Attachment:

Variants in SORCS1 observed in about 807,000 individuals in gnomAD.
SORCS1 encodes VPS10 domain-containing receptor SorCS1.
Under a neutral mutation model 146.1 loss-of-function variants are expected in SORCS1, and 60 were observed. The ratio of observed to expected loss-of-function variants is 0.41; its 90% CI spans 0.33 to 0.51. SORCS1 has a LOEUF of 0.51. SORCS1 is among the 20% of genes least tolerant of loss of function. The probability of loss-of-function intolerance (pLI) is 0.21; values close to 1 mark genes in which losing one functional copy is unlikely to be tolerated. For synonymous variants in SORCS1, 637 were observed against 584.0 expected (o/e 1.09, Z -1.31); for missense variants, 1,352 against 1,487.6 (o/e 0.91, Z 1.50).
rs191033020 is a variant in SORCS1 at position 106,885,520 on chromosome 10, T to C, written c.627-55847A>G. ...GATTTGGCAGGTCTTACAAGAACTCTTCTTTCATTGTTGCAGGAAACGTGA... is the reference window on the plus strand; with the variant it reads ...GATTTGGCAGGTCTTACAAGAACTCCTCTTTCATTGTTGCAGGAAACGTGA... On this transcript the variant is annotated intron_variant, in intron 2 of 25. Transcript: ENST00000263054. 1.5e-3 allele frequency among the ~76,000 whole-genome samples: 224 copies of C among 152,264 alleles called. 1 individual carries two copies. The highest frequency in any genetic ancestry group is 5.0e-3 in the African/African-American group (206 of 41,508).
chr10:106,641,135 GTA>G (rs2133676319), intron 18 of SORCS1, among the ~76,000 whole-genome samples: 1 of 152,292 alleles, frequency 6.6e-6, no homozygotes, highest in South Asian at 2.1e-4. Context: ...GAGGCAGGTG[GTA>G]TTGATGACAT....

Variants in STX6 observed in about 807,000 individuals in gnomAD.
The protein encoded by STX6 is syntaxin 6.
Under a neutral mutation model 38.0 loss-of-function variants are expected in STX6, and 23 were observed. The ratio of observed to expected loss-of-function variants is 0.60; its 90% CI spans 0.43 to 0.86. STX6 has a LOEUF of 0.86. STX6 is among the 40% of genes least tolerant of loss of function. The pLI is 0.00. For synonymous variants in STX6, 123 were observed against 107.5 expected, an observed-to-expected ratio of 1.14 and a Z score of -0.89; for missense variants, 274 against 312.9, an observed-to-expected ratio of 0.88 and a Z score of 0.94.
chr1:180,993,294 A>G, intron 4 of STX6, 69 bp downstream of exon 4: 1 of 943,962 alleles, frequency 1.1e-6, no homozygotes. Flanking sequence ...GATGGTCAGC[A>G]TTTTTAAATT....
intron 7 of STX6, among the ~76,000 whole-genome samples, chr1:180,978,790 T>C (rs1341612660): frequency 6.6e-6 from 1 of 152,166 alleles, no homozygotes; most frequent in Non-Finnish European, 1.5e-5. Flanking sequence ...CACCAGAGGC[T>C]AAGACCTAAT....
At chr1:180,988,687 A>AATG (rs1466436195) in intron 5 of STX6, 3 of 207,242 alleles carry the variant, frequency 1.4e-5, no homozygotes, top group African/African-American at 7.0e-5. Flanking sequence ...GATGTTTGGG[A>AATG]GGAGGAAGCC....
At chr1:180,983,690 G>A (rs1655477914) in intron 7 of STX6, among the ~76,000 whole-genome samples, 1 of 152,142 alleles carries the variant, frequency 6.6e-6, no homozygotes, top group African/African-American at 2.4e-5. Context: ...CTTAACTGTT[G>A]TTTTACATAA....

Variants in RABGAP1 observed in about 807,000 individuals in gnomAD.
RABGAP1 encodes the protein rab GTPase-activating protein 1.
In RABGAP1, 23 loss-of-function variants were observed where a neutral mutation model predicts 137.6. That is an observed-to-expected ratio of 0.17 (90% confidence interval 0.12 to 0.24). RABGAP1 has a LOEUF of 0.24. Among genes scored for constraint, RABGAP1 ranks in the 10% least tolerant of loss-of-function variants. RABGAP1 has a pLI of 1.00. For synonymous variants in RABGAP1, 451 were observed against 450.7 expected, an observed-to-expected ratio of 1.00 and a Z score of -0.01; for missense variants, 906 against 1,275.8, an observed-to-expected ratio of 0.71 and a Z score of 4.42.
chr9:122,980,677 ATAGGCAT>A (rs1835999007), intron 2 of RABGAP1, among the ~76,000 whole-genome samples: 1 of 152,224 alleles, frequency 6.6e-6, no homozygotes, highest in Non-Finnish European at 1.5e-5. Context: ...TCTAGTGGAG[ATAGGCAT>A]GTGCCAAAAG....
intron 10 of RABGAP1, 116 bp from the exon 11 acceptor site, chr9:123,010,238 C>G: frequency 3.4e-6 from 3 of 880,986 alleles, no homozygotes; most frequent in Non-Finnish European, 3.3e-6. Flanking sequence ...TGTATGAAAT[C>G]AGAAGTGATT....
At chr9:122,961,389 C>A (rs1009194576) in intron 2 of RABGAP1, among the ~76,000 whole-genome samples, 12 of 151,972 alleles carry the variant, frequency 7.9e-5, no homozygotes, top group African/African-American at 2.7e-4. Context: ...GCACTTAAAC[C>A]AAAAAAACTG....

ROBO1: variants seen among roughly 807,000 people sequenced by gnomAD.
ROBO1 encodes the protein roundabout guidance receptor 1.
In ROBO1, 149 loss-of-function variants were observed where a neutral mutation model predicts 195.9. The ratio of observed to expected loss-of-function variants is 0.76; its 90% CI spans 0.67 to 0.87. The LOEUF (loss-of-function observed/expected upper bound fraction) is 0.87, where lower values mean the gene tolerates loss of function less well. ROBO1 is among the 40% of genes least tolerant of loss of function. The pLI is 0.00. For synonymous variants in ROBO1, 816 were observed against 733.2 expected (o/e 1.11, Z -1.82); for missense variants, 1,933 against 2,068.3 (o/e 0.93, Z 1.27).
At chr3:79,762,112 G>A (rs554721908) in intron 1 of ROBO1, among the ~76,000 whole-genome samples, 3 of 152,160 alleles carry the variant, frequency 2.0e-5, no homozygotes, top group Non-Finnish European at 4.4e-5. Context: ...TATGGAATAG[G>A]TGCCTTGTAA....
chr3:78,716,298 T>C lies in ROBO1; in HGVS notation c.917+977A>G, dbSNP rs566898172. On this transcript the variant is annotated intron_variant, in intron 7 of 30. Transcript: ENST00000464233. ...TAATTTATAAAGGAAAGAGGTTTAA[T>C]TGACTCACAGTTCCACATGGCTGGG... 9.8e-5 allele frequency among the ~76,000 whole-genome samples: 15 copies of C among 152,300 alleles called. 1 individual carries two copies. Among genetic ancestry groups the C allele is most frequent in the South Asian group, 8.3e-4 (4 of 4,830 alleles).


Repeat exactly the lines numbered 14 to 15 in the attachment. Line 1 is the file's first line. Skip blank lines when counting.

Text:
RABGAP1 encodes the protein rab GTPase-activating protein 1.
In RABGAP1, 23 loss-of-function variants were observed where a neutral mutation model predicts 137.6. That is an observed-to-expected ratio of 0.17 (90% confidence interval 0.12 to 0.24). RABGAP1 has a LOEUF of 0.24. Among genes scored for constraint, RABGAP1 ranks in the 10% least tolerant of loss-of-function variants. RABGAP1 has a pLI of 1.00. For synonymous variants in RABGAP1, 451 were observed against 450.7 expected, an observed-to-expected ratio of 1.00 and a Z score of -0.01; for missense variants, 906 against 1,275.8, an observed-to-expected ratio of 0.71 and a Z score of 4.42.